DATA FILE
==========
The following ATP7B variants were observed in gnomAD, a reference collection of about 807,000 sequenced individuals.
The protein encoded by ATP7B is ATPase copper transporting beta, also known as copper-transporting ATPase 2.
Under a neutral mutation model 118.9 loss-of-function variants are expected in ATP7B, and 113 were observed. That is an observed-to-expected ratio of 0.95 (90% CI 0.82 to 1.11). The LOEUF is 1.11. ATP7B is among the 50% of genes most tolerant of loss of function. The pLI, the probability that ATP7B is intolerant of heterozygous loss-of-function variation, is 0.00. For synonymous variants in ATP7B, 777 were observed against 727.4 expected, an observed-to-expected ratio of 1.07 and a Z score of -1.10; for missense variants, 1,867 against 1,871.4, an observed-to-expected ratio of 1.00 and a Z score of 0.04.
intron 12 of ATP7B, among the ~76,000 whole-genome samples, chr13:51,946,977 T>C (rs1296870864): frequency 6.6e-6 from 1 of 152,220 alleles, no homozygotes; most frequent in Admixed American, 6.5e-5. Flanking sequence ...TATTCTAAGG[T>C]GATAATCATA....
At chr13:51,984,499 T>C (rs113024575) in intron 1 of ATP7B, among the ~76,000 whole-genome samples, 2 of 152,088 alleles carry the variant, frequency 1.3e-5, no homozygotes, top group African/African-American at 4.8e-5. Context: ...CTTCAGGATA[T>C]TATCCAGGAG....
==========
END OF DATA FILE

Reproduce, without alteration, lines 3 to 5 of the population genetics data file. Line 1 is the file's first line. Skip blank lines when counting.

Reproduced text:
Under a neutral mutation model 118.9 loss-of-function variants are expected in ATP7B, and 113 were observed. That is an observed-to-expected ratio of 0.95 (90% CI 0.82 to 1.11). The LOEUF is 1.11. ATP7B is among the 50% of genes most tolerant of loss of function. The pLI, the probability that ATP7B is intolerant of heterozygous loss-of-function variation, is 0.00. For synonymous variants in ATP7B, 777 were observed against 727.4 expected, an observed-to-expected ratio of 1.07 and a Z score of -1.10; for missense variants, 1,867 against 1,871.4, an observed-to-expected ratio of 1.00 and a Z score of 0.04.
intron 12 of ATP7B, among the ~76,000 whole-genome samples, chr13:51,946,977 T>C (rs1296870864): frequency 6.6e-6 from 1 of 152,220 alleles, no homozygotes; most frequent in Admixed American, 6.5e-5. Flanking sequence ...TATTCTAAGG[T>C]GATAATCATA....
At chr13:51,984,499 T>C (rs113024575) in intron 1 of ATP7B, among the ~76,000 whole-genome samples, 2 of 152,088 alleles carry the variant, frequency 1.3e-5, no homozygotes, top group African/African-American at 4.8e-5. Context: ...CTTCAGGATA[T>C]TATCCAGGAG....